Originally Posted by Feregorn
But having more power doesn't mean better control over the sound on lower listening levels too? Plus when you invite people over, more power is important in order to fill the room with sound at similar listening levels... Isn't that right?
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When you say fill the room with sound at similar listening levels, what level would that be?
To help determine this, the reference level in movies is mixed around 85dB on average with +20dB headroom to taken into account the dynamics in the movie soundtrack. That means peak of 105dB at the Main Listening Position (MLP). Most people would consider reference level to be too loud and turn it down a bit, i.e. -10dB based on the reference scale.
To check if your Klipsch RP-280f can reach reference level, use the following online calculator: http://myhometheater.homestead.com/splcalculator.html
. Based on Klipsch's datasheet
, the RP-280f has a sensitivity of 98db/W/m. Just plug in the parameters of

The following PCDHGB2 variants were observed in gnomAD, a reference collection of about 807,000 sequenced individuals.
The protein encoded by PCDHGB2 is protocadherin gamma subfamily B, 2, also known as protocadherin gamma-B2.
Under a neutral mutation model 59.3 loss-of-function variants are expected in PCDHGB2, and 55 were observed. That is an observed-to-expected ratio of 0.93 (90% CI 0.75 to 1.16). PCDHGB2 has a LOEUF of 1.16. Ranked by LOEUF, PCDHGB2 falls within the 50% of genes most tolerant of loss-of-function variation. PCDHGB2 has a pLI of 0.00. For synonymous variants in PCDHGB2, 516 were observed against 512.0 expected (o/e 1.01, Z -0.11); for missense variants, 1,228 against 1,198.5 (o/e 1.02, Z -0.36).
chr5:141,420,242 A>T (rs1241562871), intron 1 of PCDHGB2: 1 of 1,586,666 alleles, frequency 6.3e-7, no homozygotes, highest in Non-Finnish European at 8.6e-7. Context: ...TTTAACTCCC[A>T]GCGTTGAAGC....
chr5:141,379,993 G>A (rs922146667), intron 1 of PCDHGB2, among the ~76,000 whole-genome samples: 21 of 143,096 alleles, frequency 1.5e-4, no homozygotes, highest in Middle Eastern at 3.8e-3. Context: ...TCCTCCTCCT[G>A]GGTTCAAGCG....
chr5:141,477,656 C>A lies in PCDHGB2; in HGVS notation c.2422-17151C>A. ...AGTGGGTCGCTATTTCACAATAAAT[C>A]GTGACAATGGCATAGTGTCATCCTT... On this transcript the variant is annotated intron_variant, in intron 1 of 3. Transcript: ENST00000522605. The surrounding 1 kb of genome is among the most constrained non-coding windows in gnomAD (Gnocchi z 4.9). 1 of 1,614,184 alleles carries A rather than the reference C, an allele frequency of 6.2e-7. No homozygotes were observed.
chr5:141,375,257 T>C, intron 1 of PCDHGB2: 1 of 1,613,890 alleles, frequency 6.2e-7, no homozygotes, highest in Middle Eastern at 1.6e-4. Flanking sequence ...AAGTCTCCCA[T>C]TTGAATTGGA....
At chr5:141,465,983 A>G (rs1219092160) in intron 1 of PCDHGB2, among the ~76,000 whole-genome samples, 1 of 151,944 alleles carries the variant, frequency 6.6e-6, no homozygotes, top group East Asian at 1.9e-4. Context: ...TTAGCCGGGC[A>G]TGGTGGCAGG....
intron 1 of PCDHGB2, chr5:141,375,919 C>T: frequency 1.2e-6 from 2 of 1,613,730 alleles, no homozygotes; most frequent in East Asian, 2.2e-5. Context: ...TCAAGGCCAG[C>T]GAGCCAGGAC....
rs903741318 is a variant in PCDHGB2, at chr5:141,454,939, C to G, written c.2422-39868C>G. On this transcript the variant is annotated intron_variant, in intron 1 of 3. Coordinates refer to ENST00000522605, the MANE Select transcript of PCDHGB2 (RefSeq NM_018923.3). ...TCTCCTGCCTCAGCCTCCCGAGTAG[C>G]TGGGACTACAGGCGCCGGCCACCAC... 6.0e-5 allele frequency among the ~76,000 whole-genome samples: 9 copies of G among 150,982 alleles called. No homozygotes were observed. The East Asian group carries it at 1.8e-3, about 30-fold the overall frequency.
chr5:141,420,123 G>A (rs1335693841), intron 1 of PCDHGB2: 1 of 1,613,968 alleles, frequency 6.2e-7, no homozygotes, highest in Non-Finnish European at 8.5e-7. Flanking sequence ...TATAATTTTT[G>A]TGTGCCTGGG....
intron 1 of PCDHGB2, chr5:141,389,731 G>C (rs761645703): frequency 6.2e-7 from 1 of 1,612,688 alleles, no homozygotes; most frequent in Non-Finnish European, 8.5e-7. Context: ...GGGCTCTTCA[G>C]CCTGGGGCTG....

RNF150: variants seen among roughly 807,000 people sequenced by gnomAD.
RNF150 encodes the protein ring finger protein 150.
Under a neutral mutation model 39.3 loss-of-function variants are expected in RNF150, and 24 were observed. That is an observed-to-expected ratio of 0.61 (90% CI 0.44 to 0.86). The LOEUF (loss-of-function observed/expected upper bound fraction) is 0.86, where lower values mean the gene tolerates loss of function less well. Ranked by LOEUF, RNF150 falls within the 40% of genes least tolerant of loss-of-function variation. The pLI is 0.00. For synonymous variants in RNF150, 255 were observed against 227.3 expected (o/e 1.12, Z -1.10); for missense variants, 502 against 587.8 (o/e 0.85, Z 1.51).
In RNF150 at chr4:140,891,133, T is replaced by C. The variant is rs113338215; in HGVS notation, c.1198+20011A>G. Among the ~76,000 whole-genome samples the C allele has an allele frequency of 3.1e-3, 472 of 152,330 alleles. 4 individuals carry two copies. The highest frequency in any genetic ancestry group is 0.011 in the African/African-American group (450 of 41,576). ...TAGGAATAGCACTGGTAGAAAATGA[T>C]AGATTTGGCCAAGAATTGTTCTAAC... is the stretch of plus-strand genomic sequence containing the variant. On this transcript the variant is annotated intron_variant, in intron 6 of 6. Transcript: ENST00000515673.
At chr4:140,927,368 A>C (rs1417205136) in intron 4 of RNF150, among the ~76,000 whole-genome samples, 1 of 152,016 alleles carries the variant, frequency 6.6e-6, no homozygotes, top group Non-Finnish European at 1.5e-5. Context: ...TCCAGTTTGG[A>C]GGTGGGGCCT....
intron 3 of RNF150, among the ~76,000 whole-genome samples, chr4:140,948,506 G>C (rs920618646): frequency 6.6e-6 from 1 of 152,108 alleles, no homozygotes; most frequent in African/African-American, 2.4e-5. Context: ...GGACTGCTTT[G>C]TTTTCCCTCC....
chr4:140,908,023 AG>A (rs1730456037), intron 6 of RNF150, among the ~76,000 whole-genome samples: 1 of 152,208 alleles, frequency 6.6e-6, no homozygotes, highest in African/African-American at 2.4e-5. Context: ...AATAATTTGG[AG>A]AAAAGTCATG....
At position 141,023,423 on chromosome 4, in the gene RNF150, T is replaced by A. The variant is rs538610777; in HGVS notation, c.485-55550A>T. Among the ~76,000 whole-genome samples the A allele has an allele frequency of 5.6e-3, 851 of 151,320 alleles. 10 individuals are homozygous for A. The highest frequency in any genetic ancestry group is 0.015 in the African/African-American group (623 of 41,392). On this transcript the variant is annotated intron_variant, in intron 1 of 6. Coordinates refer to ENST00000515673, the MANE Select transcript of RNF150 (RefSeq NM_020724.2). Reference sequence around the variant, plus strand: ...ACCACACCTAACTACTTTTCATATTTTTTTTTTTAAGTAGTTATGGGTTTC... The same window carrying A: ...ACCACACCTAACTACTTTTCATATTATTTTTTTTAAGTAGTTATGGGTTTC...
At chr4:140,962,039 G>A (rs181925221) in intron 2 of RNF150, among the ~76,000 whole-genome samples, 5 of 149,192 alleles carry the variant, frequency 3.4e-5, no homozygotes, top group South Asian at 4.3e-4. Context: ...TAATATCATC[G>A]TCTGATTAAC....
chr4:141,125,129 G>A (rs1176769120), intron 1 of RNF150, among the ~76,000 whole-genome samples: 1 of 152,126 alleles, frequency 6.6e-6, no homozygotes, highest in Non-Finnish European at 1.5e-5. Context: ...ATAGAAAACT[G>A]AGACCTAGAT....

(a) power requirement;
(b) the number speakers;
(c) the distance between the speakers and MLP; and
(d) placement within the room.
It will work out the SPL. Target is to reach 105dB.
Using the following parameters of (a) = 25W, (b) = 2, (c)=10 feet and (d)= away from walls, the Klipsch RP-280f gets to 105dB. Which means it can reach reference level without much power. Based on your room and speaker placement, how much power is needed?
Another thing to consider is when implementing bass management. By diverting the power hunger low frequencies to the more capable sub(s) with it's own built in amplifier (i.e. with a crossover frequency of say 80Hz), one can effectively reduce the power requirement by 50%.
Please note that music has generally a lower dynamic range compared to a movie soundtrack. I.e. most of the time the song is well within +20dB of the average level. To check the dynamic range of a song, put the tune through the dynamic range meter of an app such as Foobar2000. It's surprising what the results are.